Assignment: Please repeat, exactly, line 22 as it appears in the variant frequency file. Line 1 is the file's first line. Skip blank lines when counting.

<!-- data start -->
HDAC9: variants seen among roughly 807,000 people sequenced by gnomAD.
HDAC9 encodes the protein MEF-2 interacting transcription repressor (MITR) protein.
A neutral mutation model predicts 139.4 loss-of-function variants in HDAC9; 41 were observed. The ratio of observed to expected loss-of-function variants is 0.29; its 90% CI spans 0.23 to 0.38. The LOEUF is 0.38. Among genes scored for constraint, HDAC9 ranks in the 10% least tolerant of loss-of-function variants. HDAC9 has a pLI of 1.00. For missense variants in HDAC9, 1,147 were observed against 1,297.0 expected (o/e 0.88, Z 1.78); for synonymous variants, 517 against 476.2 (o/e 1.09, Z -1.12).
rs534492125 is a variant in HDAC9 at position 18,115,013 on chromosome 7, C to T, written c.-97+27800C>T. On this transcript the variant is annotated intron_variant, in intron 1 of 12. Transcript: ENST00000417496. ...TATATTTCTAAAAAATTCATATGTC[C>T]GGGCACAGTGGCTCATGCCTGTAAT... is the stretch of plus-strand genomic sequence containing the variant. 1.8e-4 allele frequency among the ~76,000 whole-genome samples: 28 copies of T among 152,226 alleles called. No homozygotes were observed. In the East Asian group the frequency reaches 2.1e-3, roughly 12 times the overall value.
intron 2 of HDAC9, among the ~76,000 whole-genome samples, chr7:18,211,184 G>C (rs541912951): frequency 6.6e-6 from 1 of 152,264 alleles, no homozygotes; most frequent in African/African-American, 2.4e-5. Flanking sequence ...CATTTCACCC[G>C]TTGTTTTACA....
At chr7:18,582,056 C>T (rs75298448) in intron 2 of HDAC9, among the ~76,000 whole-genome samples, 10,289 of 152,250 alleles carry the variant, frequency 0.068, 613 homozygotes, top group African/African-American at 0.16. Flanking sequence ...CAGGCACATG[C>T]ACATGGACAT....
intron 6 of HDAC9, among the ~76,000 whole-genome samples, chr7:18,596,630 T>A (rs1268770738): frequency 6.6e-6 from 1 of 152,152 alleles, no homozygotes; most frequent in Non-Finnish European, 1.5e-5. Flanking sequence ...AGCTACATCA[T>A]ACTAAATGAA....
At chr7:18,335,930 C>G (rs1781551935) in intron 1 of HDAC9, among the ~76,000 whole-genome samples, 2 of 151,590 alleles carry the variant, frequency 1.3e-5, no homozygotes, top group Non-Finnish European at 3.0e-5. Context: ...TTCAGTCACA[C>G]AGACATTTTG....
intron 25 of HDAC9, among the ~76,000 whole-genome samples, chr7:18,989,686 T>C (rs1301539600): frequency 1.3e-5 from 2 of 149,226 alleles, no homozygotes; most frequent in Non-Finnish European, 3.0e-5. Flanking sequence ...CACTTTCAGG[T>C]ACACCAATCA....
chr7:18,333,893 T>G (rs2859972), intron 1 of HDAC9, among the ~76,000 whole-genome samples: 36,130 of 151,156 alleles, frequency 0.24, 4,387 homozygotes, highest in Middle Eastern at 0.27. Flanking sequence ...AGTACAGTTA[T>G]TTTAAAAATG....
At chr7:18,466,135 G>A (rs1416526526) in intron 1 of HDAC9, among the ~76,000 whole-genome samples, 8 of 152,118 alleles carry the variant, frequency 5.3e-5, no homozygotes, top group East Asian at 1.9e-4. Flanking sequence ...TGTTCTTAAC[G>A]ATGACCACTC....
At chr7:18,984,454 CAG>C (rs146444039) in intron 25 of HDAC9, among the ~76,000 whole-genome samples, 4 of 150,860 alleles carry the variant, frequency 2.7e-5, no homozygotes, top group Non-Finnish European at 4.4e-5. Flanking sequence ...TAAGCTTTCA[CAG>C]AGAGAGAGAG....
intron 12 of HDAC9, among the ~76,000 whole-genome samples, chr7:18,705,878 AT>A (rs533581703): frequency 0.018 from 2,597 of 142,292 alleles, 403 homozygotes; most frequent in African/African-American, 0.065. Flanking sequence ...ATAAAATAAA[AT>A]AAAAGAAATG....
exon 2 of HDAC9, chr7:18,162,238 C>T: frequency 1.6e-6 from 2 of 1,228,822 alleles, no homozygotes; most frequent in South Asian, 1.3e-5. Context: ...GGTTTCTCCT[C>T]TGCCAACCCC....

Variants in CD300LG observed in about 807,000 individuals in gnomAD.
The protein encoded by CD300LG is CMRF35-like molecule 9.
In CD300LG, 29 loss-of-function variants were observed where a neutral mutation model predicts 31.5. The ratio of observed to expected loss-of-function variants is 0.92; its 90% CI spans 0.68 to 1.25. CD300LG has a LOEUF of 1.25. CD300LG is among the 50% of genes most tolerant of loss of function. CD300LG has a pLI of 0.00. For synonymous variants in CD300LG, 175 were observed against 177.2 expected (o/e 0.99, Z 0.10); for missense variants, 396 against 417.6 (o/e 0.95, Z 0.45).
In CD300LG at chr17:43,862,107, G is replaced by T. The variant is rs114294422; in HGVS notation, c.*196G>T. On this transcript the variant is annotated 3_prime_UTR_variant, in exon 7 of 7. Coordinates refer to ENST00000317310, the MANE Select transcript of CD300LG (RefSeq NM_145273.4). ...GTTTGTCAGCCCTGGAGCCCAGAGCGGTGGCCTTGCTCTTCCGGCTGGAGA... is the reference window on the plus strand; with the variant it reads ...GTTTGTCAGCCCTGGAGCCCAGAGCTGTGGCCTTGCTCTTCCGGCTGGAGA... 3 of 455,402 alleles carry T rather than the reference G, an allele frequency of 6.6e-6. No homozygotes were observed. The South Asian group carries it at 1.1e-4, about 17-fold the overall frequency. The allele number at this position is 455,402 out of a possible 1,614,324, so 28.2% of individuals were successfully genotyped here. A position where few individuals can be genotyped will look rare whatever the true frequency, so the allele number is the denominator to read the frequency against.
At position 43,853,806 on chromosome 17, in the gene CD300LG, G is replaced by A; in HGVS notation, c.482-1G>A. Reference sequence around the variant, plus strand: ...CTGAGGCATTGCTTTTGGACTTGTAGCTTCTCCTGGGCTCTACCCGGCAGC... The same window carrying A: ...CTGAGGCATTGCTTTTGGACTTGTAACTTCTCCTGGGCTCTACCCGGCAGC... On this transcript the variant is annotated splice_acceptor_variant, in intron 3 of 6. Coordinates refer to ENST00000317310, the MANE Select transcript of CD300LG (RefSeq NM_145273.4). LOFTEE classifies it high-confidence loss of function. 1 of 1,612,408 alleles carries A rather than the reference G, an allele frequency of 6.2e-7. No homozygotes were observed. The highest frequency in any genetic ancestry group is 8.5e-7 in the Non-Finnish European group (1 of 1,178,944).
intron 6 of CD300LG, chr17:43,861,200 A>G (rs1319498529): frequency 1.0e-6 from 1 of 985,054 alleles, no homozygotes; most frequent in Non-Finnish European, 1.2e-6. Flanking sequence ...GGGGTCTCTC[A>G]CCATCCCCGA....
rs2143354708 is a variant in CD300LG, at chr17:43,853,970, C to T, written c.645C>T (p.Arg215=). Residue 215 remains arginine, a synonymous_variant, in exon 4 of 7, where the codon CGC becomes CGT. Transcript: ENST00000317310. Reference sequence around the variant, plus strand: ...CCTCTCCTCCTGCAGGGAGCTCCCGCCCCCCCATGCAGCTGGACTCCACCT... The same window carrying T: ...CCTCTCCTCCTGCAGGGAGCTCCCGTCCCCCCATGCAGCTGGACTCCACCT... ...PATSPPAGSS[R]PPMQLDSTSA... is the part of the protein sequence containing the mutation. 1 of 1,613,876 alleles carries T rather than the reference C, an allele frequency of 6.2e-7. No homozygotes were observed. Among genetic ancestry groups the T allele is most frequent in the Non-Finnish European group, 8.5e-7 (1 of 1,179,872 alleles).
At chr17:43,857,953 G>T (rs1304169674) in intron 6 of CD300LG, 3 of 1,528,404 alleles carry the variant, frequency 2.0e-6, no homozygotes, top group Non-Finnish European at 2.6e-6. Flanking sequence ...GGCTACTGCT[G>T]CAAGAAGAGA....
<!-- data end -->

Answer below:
At chr17:43,857,953 G>T (rs1304169674) in intron 6 of CD300LG, 3 of 1,528,404 alleles carry the variant, frequency 2.0e-6, no homozygotes, top group Non-Finnish European at 2.6e-6. Flanking sequence ...GGCTACTGCT[G>T]CAAGAAGAGA....